Human Milk ligosaccharides (HMO) are the third most abundant component of human milk. While accumulating evidence suggests that they benefit the breast-fed infant, little is known about how HMO are synthesized in the mother's mammy gland. Up until now, one of the critical barriers in elucidating HMO biosynthesis has been the lack of suitable models that synthesize oligosaccharides that resemble those found in human milk. We now provide preliminary results that place us in a unique position to overcome this critical barrier. We present a model based on mammary gland epithelial cells that were derived from progenitor cells isolated from human milk. Upon exposure to prolactin, these cells synthesize and secrete oligosaccharides that contain all structural features of HMO, including polylactosamine elongation and branching as well as fucosylation and sialylation in all linkages known to occur in HMO. Results are highly reproducible. Oligosaccharide composition in the cell culture supernatant and in the respective milk sample match and reflect interpersonal variations between different milk donors. Oligosaccharide composition in the cell culture media changes in response to cell manipulation with glycosyltransferase-specific small interfering RNA. To date, this is the first and currently only model available to explore HMO biosynthesis. Our application proposes to use this new powerful tool to determine which glycosylation-related genes are differentially expressed when mammary gland epithelial cells are exposed to prolactin (Specific Aim 1) and to identify which enzymes contribute to HMO elongation and branching, fucosylation and sialylation (Specific Aim 2). The proposed experiments and anticipated results have a high potential to significantly advance our knowledge and understanding on how HMO are synthesized in the human mammary gland. A better understanding of how HMO are synthesized in nature will help facilitate in vitro enzymatic and chemo-enzymatic HMO synthesis. In addition, the knowledge gained from the proposed studies may lay the groundwork to bioengineer a cell-based system that contains the glycosylation machinery required to synthesize not one, but a mix of a variety of different oligosaccharides that resemble the complex compositions of oligosaccharides naturally occurring in human milk. HMO produced in these in vitro and in vivo systems can be used for research in in vitro assays and animal models, for clinical intervention studies, and eventually to supplement formula to provide all infants with the benefits of HMO.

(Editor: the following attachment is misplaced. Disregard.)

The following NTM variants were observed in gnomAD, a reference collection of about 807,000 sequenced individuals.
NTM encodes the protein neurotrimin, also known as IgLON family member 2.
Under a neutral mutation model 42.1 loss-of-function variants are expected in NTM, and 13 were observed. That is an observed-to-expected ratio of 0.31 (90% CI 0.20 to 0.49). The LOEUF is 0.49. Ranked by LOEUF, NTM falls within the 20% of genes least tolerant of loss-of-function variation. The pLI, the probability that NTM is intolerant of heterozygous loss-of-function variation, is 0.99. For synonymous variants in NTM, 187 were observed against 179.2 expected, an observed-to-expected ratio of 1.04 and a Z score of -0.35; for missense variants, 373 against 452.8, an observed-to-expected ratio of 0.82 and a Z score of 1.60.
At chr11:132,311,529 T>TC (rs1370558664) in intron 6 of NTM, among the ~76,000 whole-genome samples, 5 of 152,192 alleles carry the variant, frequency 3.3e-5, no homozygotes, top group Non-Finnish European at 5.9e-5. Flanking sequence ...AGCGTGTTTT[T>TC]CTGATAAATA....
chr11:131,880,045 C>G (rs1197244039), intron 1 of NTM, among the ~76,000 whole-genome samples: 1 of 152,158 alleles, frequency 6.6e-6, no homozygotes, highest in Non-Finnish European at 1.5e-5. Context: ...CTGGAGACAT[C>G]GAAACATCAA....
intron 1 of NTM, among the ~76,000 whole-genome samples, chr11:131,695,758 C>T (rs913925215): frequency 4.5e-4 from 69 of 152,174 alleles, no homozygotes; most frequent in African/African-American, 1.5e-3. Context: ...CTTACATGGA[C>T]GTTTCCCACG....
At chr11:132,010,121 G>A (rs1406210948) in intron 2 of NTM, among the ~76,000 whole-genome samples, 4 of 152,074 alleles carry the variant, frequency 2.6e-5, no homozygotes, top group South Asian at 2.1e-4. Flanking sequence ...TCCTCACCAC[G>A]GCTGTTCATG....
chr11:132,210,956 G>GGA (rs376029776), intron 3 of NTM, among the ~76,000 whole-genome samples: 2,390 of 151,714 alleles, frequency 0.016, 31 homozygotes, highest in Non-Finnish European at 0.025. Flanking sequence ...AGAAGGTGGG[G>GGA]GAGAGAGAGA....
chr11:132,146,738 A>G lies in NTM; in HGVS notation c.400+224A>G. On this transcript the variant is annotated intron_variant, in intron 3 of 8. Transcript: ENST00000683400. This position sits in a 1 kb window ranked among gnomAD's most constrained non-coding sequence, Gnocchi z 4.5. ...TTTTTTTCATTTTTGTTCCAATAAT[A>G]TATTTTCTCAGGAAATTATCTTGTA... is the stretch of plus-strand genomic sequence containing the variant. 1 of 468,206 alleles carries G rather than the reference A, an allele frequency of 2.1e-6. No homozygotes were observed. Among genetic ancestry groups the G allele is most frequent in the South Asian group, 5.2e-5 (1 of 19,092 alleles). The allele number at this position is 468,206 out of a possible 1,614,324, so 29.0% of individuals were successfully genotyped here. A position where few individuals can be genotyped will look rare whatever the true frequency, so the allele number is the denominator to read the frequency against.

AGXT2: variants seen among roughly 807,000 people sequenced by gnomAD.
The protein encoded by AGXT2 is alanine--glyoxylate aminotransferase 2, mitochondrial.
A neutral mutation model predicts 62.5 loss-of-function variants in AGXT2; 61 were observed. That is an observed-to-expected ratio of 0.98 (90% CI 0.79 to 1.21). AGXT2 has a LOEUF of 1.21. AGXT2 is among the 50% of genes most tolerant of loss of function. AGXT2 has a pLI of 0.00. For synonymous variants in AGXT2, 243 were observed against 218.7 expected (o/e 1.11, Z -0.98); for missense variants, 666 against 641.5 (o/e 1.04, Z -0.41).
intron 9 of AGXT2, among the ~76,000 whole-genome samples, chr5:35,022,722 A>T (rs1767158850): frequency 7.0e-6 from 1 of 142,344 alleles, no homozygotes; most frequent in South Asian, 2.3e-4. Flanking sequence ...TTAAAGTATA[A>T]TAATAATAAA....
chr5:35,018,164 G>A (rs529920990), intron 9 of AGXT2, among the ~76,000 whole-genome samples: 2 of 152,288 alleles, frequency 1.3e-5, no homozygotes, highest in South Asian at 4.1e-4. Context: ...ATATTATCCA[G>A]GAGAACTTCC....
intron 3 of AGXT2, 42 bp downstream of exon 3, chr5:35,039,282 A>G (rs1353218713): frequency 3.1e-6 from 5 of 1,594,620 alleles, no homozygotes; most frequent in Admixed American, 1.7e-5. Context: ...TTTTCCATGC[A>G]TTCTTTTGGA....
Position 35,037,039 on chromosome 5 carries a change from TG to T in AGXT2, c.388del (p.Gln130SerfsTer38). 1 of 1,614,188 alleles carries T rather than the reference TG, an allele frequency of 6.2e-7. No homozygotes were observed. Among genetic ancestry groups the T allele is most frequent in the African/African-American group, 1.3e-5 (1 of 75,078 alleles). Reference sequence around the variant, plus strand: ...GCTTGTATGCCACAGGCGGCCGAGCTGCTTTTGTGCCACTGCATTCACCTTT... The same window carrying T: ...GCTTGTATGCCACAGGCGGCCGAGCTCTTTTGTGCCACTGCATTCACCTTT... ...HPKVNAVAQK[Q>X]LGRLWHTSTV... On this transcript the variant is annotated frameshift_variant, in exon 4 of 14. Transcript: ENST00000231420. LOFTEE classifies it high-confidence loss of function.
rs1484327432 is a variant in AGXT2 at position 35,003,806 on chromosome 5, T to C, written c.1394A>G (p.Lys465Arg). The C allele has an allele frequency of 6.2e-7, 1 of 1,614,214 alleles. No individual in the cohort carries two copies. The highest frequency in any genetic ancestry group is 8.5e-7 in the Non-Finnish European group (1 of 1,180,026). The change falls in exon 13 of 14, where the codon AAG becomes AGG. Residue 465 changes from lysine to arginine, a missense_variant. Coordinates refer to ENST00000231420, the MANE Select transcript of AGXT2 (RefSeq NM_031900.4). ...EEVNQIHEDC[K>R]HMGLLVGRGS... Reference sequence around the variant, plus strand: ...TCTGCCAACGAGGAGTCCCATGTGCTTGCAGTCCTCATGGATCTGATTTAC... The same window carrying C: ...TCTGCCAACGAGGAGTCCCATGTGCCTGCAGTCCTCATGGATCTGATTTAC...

Public Health Relevance

Human Milk Oligosaccharides (HMO) benefit the breast-fed infant, but how they are synthesized in the mother's mammary gland remains unknown due to a lack of suitable models to study HMO biosynthesis. We present a new model that synthesizes all relevant HMO and propose to use this model to elucidate HMO biosynthesis. Successful completion of the project will be an important stepping stone towards our ultimate goal to understand how HMO are synthesized by the breastfeeding mother and benefit the breastfed infant.

National Institute of Health (NIH)
Eunice Kennedy Shriver National Institute of Child Health & Human Development (NICHD)
Exploratory/Developmental Grants (R21)
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Integrative and Clinical Endocrinology and Reproduction Study Section (ICER)
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Raiten, Daniel J
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University of California San Diego
Schools of Medicine
La Jolla
United States
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Spahn, Philipp N; Hansen, Anders H; Kol, Stefan et al. (2017) Predictive glycoengineering of biosimilars using a Markov chain glycosylation model. Biotechnol J 12:
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Spahn, Philipp N; Hansen, Anders H; Hansen, Henning G et al. (2016) A Markov chain model for N-linked protein glycosylation--towards a low-parameter tool for model-driven glycoengineering. Metab Eng 33:52-66
Bode, Lars (2015) The functional biology of human milk oligosaccharides. Early Hum Dev 91:619-22